Nepal is famous for Mt. Everest, and every year there’s plenty of news about climbers who have scaled the world’s tallest mountain. However, there are also some great climbing opportunities for visitors and locals who are looking to spend a day, or even a week, on some rocks.
Remember, for outdoors climbing, you must bring or rent all of your equipment, including a good climbing rope, harness, belay device, climbing shoes, helmet, chalk, extra carabiners, slings, and quick-draws. Don’t forget to bring a first-aid kit, food, and plenty of water for the day. Make sure that you and your climbing partners know how to belay each other properly and clean a route.
Here are the recommended places to go rock climbing around Kathmandu.
Astrek Climbing Wall
Located in Thamel, Astrek Climbing Wall is the heart of Nepal’s climbing community. If you aren’t ready to test your skills on the natural cliffs or if you just have limited time, stop by Astrek for a few hours and check out the multiple bouldering walls and taller walls. A full day pass to use the climbing gym costs Rs 400. You can also rent shoes and a harness for about Rs 100 each. If you want to do some natural rock climbing but don’t have the proper gear or skills to go outdoors climbing on your own, then the great staff at Astrek can help set you up with gear and an experienced guide.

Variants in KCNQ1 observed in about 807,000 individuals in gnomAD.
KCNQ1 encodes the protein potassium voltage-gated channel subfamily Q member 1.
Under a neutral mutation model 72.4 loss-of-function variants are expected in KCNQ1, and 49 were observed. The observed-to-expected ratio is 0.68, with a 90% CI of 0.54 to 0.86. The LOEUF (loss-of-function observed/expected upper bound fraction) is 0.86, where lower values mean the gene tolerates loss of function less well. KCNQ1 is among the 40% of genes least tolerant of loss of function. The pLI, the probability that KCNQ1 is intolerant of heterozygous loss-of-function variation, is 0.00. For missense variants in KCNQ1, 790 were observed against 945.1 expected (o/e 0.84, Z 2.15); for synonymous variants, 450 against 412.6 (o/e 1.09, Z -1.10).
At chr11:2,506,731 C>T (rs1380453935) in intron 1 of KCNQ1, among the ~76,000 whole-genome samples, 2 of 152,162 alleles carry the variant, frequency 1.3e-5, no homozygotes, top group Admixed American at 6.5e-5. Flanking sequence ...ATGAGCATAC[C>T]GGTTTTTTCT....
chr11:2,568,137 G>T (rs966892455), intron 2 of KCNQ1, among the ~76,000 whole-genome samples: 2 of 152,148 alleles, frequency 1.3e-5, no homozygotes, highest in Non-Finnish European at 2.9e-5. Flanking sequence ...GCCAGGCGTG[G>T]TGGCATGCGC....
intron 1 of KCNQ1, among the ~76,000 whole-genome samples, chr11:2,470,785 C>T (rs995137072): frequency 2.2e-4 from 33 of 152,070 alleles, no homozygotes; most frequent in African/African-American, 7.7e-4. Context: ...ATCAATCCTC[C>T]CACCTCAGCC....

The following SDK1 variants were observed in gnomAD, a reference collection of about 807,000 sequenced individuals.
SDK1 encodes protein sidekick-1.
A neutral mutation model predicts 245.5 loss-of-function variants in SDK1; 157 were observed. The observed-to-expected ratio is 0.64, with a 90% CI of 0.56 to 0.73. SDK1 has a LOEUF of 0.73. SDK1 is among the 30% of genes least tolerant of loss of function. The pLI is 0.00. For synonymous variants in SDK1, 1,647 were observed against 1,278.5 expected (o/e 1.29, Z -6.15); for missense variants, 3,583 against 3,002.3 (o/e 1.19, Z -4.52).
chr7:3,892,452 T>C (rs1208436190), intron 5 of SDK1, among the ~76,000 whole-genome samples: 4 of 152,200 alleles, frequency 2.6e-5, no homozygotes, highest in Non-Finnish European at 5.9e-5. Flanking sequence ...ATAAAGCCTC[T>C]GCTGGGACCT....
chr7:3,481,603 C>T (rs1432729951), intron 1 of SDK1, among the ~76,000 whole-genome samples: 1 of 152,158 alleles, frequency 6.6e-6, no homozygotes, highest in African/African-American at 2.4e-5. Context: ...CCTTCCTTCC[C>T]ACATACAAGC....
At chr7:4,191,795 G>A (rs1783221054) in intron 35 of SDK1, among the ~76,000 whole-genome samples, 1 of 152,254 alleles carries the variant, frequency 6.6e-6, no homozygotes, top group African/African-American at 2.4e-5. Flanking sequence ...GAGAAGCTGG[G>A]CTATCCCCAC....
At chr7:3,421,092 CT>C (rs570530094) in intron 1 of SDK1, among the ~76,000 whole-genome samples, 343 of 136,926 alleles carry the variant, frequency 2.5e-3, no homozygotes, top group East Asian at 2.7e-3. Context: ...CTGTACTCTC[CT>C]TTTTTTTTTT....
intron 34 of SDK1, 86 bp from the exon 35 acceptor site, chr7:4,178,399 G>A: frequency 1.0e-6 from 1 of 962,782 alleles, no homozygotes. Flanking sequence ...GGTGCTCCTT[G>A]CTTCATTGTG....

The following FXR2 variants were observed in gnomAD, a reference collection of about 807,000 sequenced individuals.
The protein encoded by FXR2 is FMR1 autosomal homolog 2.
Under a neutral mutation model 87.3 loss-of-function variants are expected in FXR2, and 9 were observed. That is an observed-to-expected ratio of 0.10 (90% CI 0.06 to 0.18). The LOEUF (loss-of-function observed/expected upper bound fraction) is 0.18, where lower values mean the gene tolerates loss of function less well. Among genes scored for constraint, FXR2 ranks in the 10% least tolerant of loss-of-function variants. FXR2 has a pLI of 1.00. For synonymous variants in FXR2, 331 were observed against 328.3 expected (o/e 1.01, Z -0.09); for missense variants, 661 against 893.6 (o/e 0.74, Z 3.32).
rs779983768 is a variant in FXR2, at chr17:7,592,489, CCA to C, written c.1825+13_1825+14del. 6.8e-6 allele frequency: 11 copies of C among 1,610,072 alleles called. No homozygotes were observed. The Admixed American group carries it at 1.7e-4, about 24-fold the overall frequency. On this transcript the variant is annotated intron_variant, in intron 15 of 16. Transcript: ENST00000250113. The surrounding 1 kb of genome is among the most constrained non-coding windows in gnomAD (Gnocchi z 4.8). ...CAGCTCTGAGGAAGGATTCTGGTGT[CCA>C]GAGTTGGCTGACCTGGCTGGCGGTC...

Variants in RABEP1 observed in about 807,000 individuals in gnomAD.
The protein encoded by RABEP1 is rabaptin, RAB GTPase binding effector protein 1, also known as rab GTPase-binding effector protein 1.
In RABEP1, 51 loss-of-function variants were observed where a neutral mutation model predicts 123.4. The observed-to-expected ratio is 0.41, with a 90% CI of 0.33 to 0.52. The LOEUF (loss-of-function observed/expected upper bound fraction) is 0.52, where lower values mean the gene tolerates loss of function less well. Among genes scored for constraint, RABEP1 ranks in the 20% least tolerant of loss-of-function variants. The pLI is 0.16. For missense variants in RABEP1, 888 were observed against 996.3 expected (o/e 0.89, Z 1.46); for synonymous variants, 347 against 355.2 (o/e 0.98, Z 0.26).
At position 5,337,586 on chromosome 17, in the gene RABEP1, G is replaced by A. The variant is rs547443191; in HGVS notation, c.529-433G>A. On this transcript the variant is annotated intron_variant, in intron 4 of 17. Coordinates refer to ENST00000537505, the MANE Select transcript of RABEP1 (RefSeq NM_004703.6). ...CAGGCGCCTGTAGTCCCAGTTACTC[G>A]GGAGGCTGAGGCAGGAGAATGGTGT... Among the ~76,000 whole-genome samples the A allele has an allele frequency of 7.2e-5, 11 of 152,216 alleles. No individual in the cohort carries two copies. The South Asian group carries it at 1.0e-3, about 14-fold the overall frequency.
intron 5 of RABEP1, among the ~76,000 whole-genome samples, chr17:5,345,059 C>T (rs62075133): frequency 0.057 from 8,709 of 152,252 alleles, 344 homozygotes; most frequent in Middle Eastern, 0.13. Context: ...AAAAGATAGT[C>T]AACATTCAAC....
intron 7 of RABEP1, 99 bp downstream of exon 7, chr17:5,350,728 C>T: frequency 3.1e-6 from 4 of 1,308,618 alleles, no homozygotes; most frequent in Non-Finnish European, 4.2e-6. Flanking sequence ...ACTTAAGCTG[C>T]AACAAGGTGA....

Pharping (also called Hattiban)
Located in the hills to the southwest of the valley, Pharping is famous for its monasteries, but it also has a great natural climbing cliff.
To get there, take a bus from Balku to the Dollu bus stop (about 45 minutes to 1 hour). From here, ask the local people to direct you to Samye Monastery or Rigon Tashi Choeling Monastery. Continue past Samye Monastery, from where you should be able to see a steep trail leading up towards the forest. Ask locals to direct you to the trail and then follow this trail all the way up to the cliffs. It takes about 20 minutes of walking to reach the cliffs from the bus stop.
The cliff here has about 10 intermediate to advanced single-pitch climbing routes, all bolted for sport climbing with bolted anchors at the top of each route. The limestone cliff is mostly vertical, with a couple of slight overhangs.
When climbing here for the first time, it is better to come with a local climber who knows the cliff well and can provide good beta on how to do these climbs safely.
Located on the western side of the valley, Nagarjun Forest is a great area for both hiking and climbing.
To get to the climbing site, take a taxi or bus to Phulbari gate, just a short ways beyond Balaju Bypass. There is an army checkpoint at the gate, where you will need to pay an entry fee (Rs 250 for foreigners, Rs 10 for Nepalis). After entering the gate, the cliffs are about two kilometres’ walk along a jeep track.
The cliffs here range from about 15m to 25m tall, and have about 20 routes of varying difficulty. Most of these routes are bolted for sport climbing, and it is possible to set up top-ropes.
As with Pharping, it is best to go here for the first time with an experienced local climber who can show you the cliffs and make sure that you are climbing safely.
Top image: United Nations Development Programme/Flickr